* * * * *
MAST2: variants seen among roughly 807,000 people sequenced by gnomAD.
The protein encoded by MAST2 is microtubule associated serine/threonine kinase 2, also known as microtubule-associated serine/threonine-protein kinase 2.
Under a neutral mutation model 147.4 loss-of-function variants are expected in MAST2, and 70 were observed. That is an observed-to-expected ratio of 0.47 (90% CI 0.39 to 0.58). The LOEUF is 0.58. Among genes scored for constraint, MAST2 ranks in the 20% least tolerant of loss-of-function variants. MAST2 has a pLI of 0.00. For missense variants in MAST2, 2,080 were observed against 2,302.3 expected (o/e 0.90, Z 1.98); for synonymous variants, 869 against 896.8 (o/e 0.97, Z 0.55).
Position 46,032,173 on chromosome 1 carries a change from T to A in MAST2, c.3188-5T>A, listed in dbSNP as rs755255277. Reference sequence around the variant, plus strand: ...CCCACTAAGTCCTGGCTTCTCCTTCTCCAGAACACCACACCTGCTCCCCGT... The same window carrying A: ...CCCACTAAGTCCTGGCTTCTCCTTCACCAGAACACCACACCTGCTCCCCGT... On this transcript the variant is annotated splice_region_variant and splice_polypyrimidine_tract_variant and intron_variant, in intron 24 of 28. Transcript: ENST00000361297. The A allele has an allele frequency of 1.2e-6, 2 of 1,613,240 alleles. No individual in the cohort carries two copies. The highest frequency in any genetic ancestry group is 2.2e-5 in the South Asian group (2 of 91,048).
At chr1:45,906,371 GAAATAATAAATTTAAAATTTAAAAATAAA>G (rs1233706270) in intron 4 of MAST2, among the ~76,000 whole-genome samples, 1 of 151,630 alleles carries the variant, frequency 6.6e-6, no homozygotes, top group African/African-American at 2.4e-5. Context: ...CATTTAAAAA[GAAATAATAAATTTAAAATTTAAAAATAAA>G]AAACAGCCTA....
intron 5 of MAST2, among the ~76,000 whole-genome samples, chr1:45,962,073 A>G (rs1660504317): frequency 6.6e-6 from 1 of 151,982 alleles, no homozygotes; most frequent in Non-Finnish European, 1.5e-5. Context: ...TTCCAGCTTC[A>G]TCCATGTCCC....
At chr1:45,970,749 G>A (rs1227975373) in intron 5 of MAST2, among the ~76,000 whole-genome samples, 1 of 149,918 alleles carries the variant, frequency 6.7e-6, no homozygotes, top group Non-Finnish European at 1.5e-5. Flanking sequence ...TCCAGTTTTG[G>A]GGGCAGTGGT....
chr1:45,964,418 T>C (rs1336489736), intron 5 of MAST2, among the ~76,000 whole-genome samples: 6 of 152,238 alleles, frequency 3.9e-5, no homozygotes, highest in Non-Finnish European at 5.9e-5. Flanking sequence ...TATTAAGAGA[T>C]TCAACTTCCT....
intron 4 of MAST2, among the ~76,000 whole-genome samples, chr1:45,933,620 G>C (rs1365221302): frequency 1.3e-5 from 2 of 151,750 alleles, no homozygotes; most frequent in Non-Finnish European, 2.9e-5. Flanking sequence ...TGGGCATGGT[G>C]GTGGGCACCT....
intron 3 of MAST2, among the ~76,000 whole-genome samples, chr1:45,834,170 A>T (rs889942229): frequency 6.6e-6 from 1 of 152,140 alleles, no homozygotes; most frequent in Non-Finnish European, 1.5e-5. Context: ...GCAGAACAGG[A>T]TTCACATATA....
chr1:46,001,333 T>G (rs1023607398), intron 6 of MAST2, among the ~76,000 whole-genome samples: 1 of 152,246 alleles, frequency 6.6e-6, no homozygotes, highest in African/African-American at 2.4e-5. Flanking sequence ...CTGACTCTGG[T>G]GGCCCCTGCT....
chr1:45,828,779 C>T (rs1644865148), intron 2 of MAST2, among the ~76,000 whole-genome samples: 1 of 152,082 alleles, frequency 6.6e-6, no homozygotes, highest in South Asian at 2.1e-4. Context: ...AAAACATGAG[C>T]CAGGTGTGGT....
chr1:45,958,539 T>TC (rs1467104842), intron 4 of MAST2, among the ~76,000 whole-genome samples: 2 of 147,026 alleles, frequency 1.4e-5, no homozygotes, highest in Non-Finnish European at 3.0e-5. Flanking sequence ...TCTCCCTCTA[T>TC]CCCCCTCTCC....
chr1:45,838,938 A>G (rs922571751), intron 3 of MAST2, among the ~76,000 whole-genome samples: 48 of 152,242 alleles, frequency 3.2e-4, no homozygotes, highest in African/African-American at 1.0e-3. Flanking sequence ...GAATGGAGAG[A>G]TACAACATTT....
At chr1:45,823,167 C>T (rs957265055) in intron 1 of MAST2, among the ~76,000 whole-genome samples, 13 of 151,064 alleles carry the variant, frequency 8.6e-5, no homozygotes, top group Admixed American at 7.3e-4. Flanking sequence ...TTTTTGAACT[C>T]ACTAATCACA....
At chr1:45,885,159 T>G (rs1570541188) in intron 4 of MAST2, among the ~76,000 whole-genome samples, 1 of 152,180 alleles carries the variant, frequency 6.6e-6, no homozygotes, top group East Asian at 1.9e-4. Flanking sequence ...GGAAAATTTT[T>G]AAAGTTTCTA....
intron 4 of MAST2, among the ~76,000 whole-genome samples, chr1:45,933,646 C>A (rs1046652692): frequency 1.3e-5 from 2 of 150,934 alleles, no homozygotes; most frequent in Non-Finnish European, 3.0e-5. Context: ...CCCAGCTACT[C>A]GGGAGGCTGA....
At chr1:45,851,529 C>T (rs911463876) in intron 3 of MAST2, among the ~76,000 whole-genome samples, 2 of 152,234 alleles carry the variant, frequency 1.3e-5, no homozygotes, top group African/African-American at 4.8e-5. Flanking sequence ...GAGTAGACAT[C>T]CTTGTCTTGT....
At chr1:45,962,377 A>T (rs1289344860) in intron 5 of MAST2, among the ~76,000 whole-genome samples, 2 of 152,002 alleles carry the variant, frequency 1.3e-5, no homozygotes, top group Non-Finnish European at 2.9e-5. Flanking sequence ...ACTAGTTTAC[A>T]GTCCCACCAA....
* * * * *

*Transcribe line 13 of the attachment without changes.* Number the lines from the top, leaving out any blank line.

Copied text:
chr1:45,958,539 T>TC (rs1467104842), intron 4 of MAST2, among the ~76,000 whole-genome samples: 2 of 147,026 alleles, frequency 1.4e-5, no homozygotes, highest in Non-Finnish European at 3.0e-5. Flanking sequence ...TCTCCCTCTA[T>TC]CCCCCTCTCC....